Water Quality Report

Drinking Water Quality Report (Consumer Confidence Report)

Each year prior to July 1st, public water systems begin the task of coordinating data to include in their annual Consumer Confidence Report (CCR). The rationale for this report is that you, as a consumer, have the right to know where your drinking water comes from and what is in it. The report is designed to help you make informed choices that affect your health and the health of your family. It also encourages you to consider the challenges of delivering safe drinking water and to better understand the true costs involved in its delivery.

In 1996, Congress amended the Safe Drinking Water Act by adding a provision that required all "community water systems" deliver to the customers a brief annual water quality report. The CCR summarizes information that your water system already collects to comply with regulations. It includes information on your source water, the levels of any detected contaminants, and compliance with drinking water rules.
Each CCR is based on calendar-year data collected between January and December. Each "community water system" must deliver its CCR to its customers by July 1st the following year, and in those instances where a wholesale/retail situation applies, wholesalers must deliver information to their buyers by April 1st. This earlier deadline is to provide adequate time for the retailer to develop and distribute its own CCR.
Every "community water system" serving at least 15 service connections and/or 25 people year round must prepare and distribute a CCR. These systems typically include rural water systems, towns, homeowner associations and trailer parks. In the case where a rural water system provides service to a town, the town would be considered the retailer and the rural water system the wholesaler. In this case, the rural water system must provide the town with monitoring data that will enable the town to produce its own CCR.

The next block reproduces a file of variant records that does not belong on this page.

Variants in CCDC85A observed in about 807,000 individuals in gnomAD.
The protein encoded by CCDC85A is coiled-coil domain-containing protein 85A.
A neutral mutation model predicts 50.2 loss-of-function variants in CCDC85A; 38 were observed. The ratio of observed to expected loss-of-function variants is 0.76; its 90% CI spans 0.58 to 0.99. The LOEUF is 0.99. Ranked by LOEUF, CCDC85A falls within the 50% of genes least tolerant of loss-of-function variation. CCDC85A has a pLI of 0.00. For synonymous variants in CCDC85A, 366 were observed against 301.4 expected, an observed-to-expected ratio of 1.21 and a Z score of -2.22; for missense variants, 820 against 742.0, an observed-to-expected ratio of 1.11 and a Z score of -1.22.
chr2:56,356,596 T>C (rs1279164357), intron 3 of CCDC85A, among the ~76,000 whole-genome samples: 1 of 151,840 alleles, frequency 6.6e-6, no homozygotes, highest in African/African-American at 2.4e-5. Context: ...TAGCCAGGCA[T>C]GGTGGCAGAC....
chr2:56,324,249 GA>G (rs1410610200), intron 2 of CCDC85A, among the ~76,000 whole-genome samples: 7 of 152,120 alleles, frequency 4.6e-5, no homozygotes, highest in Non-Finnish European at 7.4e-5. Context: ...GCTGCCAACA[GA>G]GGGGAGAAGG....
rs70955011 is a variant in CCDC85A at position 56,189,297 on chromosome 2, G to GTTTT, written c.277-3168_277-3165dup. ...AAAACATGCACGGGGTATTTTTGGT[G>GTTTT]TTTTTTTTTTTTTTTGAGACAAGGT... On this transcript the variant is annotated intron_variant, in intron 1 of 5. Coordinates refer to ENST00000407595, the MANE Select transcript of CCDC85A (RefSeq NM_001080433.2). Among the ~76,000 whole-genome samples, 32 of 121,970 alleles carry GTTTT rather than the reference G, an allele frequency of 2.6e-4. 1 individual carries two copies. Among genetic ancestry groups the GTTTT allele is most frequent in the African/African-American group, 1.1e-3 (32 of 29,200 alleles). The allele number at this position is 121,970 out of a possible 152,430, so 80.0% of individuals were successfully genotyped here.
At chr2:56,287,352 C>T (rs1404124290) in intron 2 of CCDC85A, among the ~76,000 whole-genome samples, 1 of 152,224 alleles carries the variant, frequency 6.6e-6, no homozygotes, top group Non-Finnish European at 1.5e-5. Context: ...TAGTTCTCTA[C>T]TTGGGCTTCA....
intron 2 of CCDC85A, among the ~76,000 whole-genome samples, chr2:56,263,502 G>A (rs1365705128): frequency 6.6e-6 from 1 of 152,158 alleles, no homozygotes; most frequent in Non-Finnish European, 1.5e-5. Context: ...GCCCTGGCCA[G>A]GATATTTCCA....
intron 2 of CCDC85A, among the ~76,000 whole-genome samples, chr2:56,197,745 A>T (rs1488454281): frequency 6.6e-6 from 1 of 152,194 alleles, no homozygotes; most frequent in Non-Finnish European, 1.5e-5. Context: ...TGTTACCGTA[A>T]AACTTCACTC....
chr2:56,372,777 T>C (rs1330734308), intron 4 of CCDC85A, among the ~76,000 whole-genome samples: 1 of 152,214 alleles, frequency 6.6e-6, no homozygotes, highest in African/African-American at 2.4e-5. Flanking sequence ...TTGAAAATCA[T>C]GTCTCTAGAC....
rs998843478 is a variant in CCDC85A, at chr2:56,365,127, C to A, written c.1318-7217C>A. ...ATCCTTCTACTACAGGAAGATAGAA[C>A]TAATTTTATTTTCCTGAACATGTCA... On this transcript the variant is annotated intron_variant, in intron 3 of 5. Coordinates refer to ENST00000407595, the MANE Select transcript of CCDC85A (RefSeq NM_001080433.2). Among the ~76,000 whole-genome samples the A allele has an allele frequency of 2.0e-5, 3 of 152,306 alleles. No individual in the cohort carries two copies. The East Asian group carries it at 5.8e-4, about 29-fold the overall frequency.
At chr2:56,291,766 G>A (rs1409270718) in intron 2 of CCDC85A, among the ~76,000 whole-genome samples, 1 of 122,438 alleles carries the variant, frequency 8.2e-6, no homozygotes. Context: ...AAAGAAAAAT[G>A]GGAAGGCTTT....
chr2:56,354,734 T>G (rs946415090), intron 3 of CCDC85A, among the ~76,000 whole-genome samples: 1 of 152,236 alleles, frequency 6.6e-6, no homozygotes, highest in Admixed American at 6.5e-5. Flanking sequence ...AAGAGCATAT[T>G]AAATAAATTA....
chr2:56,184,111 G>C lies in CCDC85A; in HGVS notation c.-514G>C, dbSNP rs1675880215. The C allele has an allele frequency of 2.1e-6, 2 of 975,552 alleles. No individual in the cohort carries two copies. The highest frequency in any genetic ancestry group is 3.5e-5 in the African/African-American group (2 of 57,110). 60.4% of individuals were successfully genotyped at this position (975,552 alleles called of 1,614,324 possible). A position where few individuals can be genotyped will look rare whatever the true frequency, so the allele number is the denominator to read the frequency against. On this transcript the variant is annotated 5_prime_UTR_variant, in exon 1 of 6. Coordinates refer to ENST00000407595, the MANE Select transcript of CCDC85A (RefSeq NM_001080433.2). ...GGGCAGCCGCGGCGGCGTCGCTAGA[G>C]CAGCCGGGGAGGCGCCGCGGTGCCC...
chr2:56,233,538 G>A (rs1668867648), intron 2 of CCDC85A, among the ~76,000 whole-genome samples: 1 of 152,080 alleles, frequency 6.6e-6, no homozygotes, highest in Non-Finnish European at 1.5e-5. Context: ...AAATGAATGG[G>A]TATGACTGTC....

While there are specific requirements for what needs to be included in each CCR, suppliers are encouraged to tailor their content to local conditions. The following basic requirements apply:

• Water system information - name, phone number, contact person
• Sources of water - type, name and location of water source
• Definitions - explanation of appropriate acronyms used in the report
• Detected Contaminants - table summarizing data on detected contaminants, their suspected source and potential health effects
• Compliance with other drinking water regulations - explanation of violations, health effects and steps taken to correct these violations
• Educational information - explanation of contaminants and their presence in drinking water, warning about cryptosporidium, and information statements on arsenic, nitrate and lead